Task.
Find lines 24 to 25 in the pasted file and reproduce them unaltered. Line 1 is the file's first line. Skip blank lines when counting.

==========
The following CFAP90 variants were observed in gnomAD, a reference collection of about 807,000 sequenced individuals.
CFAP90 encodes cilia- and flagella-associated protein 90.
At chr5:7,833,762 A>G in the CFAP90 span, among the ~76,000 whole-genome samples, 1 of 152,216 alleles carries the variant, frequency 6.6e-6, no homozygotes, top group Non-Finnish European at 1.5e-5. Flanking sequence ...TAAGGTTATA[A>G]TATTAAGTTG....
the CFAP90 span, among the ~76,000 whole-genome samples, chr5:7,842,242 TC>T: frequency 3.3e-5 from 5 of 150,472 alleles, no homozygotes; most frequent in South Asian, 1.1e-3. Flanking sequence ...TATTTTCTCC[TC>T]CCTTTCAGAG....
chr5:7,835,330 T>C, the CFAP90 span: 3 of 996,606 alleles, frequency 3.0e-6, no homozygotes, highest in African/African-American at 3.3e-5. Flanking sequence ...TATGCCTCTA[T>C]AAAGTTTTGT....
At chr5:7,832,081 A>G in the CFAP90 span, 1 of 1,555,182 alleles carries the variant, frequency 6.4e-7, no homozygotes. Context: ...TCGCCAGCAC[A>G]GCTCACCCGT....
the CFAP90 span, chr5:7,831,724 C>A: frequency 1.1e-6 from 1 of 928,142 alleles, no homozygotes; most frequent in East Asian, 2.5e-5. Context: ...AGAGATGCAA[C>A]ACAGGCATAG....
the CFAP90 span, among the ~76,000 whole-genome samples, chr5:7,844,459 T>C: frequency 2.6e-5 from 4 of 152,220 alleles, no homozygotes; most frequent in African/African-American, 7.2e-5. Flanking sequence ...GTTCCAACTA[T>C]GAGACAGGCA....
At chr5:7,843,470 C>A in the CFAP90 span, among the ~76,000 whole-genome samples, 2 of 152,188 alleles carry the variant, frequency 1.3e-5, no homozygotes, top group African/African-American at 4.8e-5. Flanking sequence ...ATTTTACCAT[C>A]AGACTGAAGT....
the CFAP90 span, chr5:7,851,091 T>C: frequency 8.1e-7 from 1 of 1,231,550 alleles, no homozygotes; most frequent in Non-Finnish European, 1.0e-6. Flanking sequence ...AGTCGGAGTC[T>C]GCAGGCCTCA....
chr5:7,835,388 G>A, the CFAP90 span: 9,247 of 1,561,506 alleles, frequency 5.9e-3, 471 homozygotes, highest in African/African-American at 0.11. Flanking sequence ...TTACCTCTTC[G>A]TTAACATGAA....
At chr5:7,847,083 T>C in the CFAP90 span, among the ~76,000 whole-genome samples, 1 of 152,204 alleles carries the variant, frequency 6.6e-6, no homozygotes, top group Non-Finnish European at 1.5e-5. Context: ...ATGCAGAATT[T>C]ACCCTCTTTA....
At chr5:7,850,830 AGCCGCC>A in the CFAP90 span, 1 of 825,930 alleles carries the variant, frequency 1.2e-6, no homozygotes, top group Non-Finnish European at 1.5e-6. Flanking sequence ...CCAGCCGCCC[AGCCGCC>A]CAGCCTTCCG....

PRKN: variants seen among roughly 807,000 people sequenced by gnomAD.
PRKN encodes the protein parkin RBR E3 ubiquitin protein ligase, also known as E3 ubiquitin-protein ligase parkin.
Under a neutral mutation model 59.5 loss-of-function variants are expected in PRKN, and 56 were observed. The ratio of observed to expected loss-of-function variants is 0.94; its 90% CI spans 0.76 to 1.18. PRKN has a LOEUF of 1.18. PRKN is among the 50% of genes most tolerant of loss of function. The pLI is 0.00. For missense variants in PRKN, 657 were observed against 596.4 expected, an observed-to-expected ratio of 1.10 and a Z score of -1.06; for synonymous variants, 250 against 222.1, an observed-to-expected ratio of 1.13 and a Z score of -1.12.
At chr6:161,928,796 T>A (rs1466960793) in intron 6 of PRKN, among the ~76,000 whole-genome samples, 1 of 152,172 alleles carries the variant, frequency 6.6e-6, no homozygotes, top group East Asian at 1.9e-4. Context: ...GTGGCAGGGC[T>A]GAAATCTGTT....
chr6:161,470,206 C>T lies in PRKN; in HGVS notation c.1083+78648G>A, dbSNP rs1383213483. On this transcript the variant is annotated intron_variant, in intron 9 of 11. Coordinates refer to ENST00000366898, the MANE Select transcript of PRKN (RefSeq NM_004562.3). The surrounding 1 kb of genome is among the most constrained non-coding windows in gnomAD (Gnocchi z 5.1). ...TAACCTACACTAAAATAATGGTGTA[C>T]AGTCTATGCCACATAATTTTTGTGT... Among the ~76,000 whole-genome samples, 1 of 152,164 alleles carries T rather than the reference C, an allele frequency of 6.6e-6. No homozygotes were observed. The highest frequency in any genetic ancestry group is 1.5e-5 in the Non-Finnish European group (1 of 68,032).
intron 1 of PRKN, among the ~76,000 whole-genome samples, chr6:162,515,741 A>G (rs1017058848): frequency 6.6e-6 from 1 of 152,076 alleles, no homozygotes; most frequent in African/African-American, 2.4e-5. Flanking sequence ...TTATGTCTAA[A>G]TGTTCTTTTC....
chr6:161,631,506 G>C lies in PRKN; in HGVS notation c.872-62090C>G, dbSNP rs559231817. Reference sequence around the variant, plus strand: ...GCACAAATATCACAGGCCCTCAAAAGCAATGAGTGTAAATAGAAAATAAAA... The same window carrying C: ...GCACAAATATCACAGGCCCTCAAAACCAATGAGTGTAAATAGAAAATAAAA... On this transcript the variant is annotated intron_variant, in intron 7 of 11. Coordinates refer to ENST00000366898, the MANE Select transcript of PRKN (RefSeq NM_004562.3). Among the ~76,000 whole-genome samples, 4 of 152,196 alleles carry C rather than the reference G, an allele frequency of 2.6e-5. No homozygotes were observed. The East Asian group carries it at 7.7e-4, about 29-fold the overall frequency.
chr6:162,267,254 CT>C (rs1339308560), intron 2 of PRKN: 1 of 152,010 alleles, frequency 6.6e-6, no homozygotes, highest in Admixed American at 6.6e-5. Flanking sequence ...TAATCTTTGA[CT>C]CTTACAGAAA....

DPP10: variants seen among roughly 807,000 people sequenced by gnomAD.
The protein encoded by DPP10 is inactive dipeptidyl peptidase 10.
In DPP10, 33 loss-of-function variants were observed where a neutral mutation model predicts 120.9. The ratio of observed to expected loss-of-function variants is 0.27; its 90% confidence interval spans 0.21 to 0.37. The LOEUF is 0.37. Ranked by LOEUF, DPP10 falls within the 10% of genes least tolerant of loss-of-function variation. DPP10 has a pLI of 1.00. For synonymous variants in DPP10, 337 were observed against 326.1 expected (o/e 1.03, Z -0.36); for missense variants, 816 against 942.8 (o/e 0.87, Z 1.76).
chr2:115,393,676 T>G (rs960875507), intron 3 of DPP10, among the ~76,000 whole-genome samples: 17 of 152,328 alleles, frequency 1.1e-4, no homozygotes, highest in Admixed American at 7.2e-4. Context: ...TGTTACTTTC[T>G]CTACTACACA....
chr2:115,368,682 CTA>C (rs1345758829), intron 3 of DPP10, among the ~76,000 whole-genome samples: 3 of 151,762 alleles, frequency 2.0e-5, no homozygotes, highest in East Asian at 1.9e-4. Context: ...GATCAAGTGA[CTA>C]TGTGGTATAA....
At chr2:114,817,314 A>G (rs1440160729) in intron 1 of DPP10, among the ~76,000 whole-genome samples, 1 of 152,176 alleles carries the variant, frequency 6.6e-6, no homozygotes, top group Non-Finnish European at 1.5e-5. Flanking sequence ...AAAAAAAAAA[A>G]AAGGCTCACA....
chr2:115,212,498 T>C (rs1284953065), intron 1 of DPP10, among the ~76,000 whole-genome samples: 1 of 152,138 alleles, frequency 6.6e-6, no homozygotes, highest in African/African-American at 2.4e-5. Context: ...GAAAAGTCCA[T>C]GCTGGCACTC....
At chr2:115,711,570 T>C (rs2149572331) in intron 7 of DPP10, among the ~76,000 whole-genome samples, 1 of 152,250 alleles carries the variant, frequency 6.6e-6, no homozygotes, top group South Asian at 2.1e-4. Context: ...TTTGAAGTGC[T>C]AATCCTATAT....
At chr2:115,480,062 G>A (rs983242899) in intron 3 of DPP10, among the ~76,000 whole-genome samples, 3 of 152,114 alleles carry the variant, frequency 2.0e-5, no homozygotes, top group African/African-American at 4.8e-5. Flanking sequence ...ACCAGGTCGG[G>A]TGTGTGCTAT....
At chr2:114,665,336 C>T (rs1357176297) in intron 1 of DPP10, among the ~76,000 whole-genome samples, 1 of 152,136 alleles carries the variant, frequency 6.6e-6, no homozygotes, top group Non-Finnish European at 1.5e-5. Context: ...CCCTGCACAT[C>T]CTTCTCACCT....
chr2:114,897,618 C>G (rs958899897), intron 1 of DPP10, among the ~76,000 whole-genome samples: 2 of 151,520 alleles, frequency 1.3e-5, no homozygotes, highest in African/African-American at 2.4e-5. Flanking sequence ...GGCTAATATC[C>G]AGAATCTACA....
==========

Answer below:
In DPP10, 33 loss-of-function variants were observed where a neutral mutation model predicts 120.9. The ratio of observed to expected loss-of-function variants is 0.27; its 90% confidence interval spans 0.21 to 0.37. The LOEUF is 0.37. Ranked by LOEUF, DPP10 falls within the 10% of genes least tolerant of loss-of-function variation. DPP10 has a pLI of 1.00. For synonymous variants in DPP10, 337 were observed against 326.1 expected (o/e 1.03, Z -0.36); for missense variants, 816 against 942.8 (o/e 0.87, Z 1.76).
chr2:115,393,676 T>G (rs960875507), intron 3 of DPP10, among the ~76,000 whole-genome samples: 17 of 152,328 alleles, frequency 1.1e-4, no homozygotes, highest in Admixed American at 7.2e-4. Context: ...TGTTACTTTC[T>G]CTACTACACA....